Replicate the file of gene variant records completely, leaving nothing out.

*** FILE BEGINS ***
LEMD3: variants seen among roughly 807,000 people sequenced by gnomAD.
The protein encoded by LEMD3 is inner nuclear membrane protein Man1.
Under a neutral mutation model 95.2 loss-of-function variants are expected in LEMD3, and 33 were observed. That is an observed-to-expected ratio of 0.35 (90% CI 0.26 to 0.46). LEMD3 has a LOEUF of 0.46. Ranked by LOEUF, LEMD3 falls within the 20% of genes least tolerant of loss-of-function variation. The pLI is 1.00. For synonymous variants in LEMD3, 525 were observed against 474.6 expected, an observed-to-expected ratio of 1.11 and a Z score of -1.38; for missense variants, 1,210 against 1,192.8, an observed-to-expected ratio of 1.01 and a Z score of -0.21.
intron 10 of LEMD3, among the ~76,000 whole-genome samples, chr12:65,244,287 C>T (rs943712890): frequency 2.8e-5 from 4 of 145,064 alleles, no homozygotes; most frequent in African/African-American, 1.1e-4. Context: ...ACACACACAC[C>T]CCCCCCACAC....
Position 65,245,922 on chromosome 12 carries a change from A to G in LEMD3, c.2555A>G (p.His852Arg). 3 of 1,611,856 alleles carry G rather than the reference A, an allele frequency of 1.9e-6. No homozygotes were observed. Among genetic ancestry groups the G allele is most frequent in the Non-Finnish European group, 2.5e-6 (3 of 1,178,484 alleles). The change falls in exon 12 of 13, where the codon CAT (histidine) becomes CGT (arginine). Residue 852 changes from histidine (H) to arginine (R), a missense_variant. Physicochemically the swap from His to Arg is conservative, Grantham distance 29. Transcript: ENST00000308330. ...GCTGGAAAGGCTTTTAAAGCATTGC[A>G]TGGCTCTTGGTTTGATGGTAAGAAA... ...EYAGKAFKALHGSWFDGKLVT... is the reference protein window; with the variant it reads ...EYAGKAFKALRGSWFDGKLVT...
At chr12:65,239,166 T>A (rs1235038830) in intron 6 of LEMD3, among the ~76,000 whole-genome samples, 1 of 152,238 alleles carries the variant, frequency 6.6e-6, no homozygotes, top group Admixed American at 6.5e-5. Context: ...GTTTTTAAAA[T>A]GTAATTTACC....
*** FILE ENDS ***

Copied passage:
LEMD3: variants seen among roughly 807,000 people sequenced by gnomAD.
The protein encoded by LEMD3 is inner nuclear membrane protein Man1.
Under a neutral mutation model 95.2 loss-of-function variants are expected in LEMD3, and 33 were observed. That is an observed-to-expected ratio of 0.35 (90% CI 0.26 to 0.46). LEMD3 has a LOEUF of 0.46. Ranked by LOEUF, LEMD3 falls within the 20% of genes least tolerant of loss-of-function variation. The pLI is 1.00. For synonymous variants in LEMD3, 525 were observed against 474.6 expected, an observed-to-expected ratio of 1.11 and a Z score of -1.38; for missense variants, 1,210 against 1,192.8, an observed-to-expected ratio of 1.01 and a Z score of -0.21.
intron 10 of LEMD3, among the ~76,000 whole-genome samples, chr12:65,244,287 C>T (rs943712890): frequency 2.8e-5 from 4 of 145,064 alleles, no homozygotes; most frequent in African/African-American, 1.1e-4. Context: ...ACACACACAC[C>T]CCCCCCACAC....
Position 65,245,922 on chromosome 12 carries a change from A to G in LEMD3, c.2555A>G (p.His852Arg). 3 of 1,611,856 alleles carry G rather than the reference A, an allele frequency of 1.9e-6. No homozygotes were observed. Among genetic ancestry groups the G allele is most frequent in the Non-Finnish European group, 2.5e-6 (3 of 1,178,484 alleles). The change falls in exon 12 of 13, where the codon CAT (histidine) becomes CGT (arginine). Residue 852 changes from histidine (H) to arginine (R), a missense_variant. Physicochemically the swap from His to Arg is conservative, Grantham distance 29. Transcript: ENST00000308330. ...GCTGGAAAGGCTTTTAAAGCATTGC[A>G]TGGCTCTTGGTTTGATGGTAAGAAA... ...EYAGKAFKALHGSWFDGKLVT... is the reference protein window; with the variant it reads ...EYAGKAFKALRGSWFDGKLVT...
At chr12:65,239,166 T>A (rs1235038830) in intron 6 of LEMD3, among the ~76,000 whole-genome samples, 1 of 152,238 alleles carries the variant, frequency 6.6e-6, no homozygotes, top group Admixed American at 6.5e-5. Context: ...GTTTTTAAAA[T>A]GTAATTTACC....